Chronic pain affects hundreds of millions of people worldwide and is a major cause of disability, causing more disability than cancer and heart disease. Canadian researchers, including Michael Salter at SickKids are shedding light on the molecular dynamics of chronic pain. They have uncovered a critical role for a class of cells present in the brain and spinal cord, called microglia, in pain. They have found microglia-to-neuron-signaling to be crucial in the development of pain hypersensitivity after injury, but also for one of the paradoxical effects morphine and other opioids sometimes produce, called hyperalgesia, which is an increase in pain sensitivity. The identification of these key players in the development of chronic pain helps identify important targets for the development of novel therapeutic avenues. Dr. Salter presented his latest results at the 9th Annual Canadian Neuroscience Meeting, on May 26th 2015 in Vancouver, British Columbia.
"We're developing a new understanding of the control of microglia-neuron interactions that may be critical for individualizing pain therapies" said Salter.
Pain is a complex experience. The International Academy for the Study of Pain, IASP defines it as, "an unpleasant sensory and emotional experience associated with actual or potential tissue damage, or described in terms of such damage." While acute pain can be useful, as a signal that protects us from injury or even death, and inflammatory pain can protect us during healing, chronic neuropathic pain, which is a disease of the nervous system, is pain that persists after an injury is healed, serves no useful function and is a major cause of disability.
Work done in Dr. Salter's laboratory has helped to gain understanding of the changes in the nervous system, and to uncover the key molecules that form the cascade of events that lead to chronic pain. A class of cells called microglia play a central role in this cascade. Microglia constitute about 10% of the cells of the adult brain and spinal cord (also known as the central nervous system). Initially thought to have simply a role in supporting neurons (the term glia derives from the same root as glue), microglia were later shown to have an important role in the spinal response that follows nerve injury.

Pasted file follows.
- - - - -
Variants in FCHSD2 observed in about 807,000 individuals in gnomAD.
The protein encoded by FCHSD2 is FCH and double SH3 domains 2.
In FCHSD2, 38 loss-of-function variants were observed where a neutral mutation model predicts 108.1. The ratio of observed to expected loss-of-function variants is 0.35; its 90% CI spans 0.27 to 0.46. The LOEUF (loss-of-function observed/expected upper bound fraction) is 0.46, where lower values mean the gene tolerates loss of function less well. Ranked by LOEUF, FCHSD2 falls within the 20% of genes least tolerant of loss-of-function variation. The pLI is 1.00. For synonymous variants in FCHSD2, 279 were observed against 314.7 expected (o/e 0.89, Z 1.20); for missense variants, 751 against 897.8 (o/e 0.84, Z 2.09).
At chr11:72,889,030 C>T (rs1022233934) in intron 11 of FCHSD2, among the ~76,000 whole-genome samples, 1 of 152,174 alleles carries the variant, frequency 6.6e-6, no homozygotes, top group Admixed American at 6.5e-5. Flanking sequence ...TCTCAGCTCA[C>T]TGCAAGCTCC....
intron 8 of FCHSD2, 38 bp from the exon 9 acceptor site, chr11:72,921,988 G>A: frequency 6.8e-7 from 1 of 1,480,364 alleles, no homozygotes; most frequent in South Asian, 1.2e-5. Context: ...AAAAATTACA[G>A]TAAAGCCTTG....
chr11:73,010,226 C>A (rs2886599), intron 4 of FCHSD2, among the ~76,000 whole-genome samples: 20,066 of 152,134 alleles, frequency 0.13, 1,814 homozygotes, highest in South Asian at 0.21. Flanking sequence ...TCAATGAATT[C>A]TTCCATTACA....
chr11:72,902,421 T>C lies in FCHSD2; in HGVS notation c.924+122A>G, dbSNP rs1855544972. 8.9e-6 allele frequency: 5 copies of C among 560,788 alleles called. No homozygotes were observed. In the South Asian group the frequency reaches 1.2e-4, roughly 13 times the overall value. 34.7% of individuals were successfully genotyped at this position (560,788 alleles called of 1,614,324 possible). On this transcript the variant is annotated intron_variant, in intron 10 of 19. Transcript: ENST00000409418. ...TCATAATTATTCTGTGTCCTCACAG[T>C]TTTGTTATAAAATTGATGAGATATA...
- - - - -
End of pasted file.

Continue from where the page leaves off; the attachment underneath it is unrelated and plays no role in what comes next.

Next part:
"Exciting new discoveries indicate that microglia not only play a critical role in disease states but also in the normal development and functioning of the brain and spinal cord," Salter explained. "We are looking at these cells in an entirely new light."
More recently, microglia have been shown to have a much more active role in the healthy central nervous system, and to be highly active in surveillance and rapid response - microglia monitor and control the activity of neurons in the healthy nervous system. Within the dorsal horn of the spinal cord, the area through which pain signals travel to the brain, microglia block the inhibition of pain transmitting neurons, making transmission of the pain signal more efficient. This can lead to allodynia, which is defined as pain due to a stimulus that does not normally provoke pain.
Nerve injury activates a receptor on microglia, called P2X4, which, in turn causes the release of a molecule called Brain Derived Neurotrophic Factor, or BDNF. BDNF has been shown to have a role in learning in the motor cortex, where its release results in enhanced motor performance. Dr. Salter proposes that when microglia-derived BDNF facilitates the output of the dorsal horn pain-transmitting network, the result is enhanced pain. When BDNF facilitates this network, it is as if neurons had "learned" pain, and they become more efficient in the transmission of pain signals.
Morphine and other opioids are sometimes prescribed to treat chronic pain when other treatments do not work. While these drugs can be very efficient to relieve pain, some patients develop a paradoxical effect, called hyperalgesia. Paradoxical hyperalgesia is an increase in pain caused by drugs prescribed to alleviate pain. Dr. Salter's research shows that microglia-to-neuron-communication is crucial for the development of this effect.
Research done by Dr. Salter and his colleagues shows how the experience of pain can change the nervous system to make it more sensitive to further painful experiences, to feel pain in response to events that do not cause pain in most people, and how opioids can paradoxically cause more pain. Dr. Salter anticipates that by targeting the signaling pathways identified in these studies new therapeutic strategies for chronic pain will be developed
Canadian Association for Neuroscience